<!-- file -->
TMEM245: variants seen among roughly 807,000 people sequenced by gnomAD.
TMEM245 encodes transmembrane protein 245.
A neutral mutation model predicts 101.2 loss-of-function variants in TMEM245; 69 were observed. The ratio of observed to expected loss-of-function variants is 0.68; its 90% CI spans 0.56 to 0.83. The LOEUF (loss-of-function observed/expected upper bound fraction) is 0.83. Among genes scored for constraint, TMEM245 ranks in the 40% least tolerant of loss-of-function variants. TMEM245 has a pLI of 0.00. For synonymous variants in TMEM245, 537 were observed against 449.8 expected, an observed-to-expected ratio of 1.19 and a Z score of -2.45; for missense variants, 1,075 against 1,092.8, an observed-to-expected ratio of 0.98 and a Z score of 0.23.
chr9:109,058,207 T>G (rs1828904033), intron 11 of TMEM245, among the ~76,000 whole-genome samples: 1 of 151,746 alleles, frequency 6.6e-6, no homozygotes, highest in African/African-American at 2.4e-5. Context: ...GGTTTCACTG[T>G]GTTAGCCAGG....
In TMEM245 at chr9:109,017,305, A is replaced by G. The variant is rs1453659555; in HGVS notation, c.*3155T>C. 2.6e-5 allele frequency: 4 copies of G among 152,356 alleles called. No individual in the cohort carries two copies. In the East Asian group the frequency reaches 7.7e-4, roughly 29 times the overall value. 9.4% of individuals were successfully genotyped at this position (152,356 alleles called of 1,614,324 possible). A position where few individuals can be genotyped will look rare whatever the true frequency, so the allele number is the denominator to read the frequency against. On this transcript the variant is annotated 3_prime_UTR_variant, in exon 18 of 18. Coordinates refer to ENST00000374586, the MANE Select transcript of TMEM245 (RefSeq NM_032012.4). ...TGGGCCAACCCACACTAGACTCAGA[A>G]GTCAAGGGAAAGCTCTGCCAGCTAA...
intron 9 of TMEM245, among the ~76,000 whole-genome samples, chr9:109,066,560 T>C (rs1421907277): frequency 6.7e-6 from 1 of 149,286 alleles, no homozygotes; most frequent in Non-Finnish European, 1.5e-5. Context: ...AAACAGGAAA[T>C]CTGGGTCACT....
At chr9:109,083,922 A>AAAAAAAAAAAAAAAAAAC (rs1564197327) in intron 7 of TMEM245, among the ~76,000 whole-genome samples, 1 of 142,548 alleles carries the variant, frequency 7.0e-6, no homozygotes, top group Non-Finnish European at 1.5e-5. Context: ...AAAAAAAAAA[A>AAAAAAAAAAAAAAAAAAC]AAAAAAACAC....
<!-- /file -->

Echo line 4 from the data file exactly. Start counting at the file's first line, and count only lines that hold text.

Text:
chr9:109,058,207 T>G (rs1828904033), intron 11 of TMEM245, among the ~76,000 whole-genome samples: 1 of 151,746 alleles, frequency 6.6e-6, no homozygotes, highest in African/African-American at 2.4e-5. Context: ...GGTTTCACTG[T>G]GTTAGCCAGG....